With only a few days left before the Pennsylvania General Assembly recesses for the year, some groups are calling on lawmakers to pass an impact fee on Marcellus Shale development now, while others are criticizing the bills currently on the table.

A collection of Pennsylvania business groups sent a letter to Gov. Tom Corbett and legislative leaders last week urging them to pass a bill by the end of the year.

"In the midst of the worst economic recession sine the Great Depression, the Commonwealth is in a global race of finite investment capital," the letter reads. "We must seize this opportunity to develop our abundant natural gas resources and win the economic prosperity and jobs that will result, or lose out to states and countries whose regulatory and tax environments make them more attractive for industry investment."

The groups said the final bill must standardize policies "without local variation or uneven enforcement," but allow local governments to have "relevant zoning powers."

They also believe any fee "must be competitive with fees in other shale gas producing states, reflective of well industry economics, transparent and predictable."

The letter was signed by the Pennsylvania Chamber of Business and Industry, the Pennsylvania Business Council, the Allegheny Conference for Community Development and the Greater Philadelphia Chamber of Commerce.

The Chesapeake Bay Foundation is making a similar call. Pennsylvania Executive Director Matthew Ehrhart, a member of the Marcellus Shale Advisory Commission that recommended a fee, issued a statement last week calling for quick passage, saying "the environment and our communities cannot afford any more delays."

"By blending the best parts of Senate Bill 1100 and House Bill 1950, the legislature has an historic opportunity to apply appropriate and meaningful bonding fees, establish a fair impact fee, secure funding to important programs like Growing Greener, and establish firm environmental laws that protect the health, safety and welfare of the Commonwealth's citizens," Ehrhart wrote, adding that any final bill should expand protections to smaller streams, guarantee the ability of state regulators to condition or deny permits, require best management practices, require erosion and sedimentation control inspection before drilling and allow regulators to deem some places to be "areas of high ecological value" that triggers permit conditions.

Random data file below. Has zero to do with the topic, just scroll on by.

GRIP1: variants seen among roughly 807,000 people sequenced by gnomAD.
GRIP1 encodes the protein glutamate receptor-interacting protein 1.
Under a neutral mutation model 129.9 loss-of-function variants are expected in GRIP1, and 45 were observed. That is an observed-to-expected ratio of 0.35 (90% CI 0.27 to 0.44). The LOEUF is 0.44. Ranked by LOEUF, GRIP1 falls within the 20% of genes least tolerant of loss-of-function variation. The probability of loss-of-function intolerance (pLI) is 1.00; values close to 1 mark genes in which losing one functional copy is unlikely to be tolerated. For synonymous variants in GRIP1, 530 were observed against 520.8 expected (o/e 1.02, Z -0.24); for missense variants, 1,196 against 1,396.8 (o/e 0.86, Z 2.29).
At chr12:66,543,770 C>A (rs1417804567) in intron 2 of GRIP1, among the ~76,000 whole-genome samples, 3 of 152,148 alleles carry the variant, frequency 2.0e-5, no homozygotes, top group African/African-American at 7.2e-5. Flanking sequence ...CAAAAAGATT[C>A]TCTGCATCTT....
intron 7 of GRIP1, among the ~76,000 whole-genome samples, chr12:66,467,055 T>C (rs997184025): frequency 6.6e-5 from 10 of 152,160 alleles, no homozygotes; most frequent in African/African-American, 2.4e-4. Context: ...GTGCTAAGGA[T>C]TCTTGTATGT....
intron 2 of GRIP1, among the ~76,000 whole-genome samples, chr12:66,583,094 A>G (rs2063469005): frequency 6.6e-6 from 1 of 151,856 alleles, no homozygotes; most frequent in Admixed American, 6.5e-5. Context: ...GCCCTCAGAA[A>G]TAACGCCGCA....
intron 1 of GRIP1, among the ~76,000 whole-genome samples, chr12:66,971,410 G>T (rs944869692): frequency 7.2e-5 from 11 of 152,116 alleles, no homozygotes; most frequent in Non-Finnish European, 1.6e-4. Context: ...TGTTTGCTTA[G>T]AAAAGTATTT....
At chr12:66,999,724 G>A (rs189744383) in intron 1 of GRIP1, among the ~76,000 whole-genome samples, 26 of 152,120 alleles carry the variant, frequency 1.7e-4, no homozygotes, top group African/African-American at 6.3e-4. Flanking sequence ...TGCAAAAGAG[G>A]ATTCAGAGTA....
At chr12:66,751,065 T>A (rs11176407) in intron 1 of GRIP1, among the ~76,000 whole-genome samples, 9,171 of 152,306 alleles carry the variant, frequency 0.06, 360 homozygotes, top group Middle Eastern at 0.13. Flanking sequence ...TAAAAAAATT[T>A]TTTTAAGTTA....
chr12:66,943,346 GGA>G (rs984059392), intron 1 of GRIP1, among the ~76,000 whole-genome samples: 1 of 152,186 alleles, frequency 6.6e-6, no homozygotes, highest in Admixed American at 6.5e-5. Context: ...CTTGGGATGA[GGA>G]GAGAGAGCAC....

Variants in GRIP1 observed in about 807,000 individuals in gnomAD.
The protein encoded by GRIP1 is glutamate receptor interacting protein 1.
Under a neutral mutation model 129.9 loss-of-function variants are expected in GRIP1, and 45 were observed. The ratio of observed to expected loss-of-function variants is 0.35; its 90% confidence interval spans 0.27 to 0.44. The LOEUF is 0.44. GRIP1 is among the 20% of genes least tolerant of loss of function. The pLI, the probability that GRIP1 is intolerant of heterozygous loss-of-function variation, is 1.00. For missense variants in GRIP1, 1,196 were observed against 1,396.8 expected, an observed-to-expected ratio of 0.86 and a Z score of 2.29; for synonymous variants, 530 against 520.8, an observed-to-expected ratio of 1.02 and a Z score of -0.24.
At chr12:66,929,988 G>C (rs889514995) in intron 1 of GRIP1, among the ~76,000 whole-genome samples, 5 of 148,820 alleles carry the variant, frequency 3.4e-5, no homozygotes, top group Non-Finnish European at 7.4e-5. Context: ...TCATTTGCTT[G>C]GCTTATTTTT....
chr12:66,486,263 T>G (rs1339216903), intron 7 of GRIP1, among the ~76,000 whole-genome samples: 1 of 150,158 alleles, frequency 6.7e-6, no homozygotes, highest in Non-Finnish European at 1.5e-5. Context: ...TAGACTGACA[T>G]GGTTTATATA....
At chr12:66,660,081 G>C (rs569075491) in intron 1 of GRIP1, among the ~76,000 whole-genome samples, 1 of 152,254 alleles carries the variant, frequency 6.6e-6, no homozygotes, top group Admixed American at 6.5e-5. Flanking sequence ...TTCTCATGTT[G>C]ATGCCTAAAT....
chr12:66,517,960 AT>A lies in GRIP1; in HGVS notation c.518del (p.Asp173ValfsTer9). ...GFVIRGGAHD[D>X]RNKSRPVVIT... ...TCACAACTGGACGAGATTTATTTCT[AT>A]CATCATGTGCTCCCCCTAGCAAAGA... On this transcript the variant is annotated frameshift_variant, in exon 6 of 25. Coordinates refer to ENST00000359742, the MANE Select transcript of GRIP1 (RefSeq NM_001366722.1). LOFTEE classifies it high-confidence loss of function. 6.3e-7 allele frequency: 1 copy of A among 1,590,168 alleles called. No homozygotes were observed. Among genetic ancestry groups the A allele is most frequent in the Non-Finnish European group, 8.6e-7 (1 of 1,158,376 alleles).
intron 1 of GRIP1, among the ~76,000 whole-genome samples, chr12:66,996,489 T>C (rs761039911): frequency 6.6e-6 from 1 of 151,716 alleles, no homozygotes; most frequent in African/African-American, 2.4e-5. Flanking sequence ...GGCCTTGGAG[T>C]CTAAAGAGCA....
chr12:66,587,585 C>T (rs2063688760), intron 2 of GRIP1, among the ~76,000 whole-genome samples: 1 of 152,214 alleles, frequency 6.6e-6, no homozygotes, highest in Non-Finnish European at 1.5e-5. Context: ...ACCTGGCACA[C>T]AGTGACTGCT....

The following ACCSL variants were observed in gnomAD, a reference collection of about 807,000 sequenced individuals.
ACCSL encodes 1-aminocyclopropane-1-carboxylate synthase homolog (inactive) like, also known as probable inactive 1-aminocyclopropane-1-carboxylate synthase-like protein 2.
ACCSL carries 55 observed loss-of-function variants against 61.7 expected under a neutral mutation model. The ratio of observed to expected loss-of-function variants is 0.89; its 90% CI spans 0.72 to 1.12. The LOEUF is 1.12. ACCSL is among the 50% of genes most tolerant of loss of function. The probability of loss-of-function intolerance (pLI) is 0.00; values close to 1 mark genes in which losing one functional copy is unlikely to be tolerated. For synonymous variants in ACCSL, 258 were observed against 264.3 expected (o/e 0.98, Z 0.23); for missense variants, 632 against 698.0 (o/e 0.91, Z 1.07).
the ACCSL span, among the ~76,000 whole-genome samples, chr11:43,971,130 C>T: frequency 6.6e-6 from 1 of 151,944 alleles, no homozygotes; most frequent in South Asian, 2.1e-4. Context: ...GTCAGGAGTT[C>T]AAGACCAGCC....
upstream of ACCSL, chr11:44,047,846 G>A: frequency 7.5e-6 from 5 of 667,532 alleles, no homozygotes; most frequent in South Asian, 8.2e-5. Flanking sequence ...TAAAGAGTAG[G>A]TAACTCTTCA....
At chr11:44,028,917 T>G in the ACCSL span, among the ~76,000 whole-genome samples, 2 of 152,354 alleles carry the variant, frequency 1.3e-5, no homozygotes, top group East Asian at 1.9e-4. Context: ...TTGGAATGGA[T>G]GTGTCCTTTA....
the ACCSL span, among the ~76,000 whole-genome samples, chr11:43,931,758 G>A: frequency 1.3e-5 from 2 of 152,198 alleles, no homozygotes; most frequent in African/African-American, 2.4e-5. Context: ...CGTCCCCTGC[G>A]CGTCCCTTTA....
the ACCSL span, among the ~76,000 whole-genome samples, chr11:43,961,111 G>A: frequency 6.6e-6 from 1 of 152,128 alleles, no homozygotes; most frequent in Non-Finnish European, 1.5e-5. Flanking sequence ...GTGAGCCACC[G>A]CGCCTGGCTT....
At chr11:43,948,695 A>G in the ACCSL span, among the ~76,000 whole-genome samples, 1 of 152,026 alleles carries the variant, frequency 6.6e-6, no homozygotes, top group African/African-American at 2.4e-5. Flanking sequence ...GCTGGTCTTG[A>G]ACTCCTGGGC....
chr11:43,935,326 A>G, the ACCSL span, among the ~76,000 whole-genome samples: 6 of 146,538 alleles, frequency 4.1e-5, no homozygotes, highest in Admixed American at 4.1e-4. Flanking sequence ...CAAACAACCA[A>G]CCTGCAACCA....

While local government groups reluctantly signed on to the bills after lawmakers backed away from provisions that would have completely preempted local authority, representatives from 40 communities in southwestern Pennsylvania are hosting a town hall meeting Tuesday night to protest the bills (see Shale Daily, Nov. 28).

The current bills require municipalities to allow drilling in all zones, but also allow local governments to impose conditions on development that apply to all industries equally, and let the state attorney general decide if a regulation is "reasonable."

"The only reason the industry plays by any of the rules now is because the local municipalities are there to set the standards and monitor their activities," the Marcellus Municipal Co-op, a collection of local government representatives, including some behind the town hall meeting, said in a statement on the provisions.

Meanwhile, a coalition of environmental and civic groups lead by Citizens for Pennsylvania's Future, also known as PennFuture, rallied outside the office of state Senate Majority Leader Dominic Pileggi on Monday to protest the legislation.

The impact fee legislation "is a direct attack on Pennsylvania's home towns and will destroy the ability of towns to protect residents from gas drilling and fracking," Maya van Rossum, of the Delaware Riverkeeper Network, said. "This basically puts the state and gas drillers in the driver's seat when it comes to local zoning and planning."

Legislative leaders are currently reconciling differences between the two bills, particularly the structure and administration of the fee. The Senate proposal would impose a statewide fee of $50,000 per unconventional well that decreases over 20 years, while the House measure would allow counties to decide whether or not to impose a $40,000 per unconventional well fee that decreases over 10 years.

The General Assembly is expected to adjourn Wednesday (see Shale Daily, Dec. 8).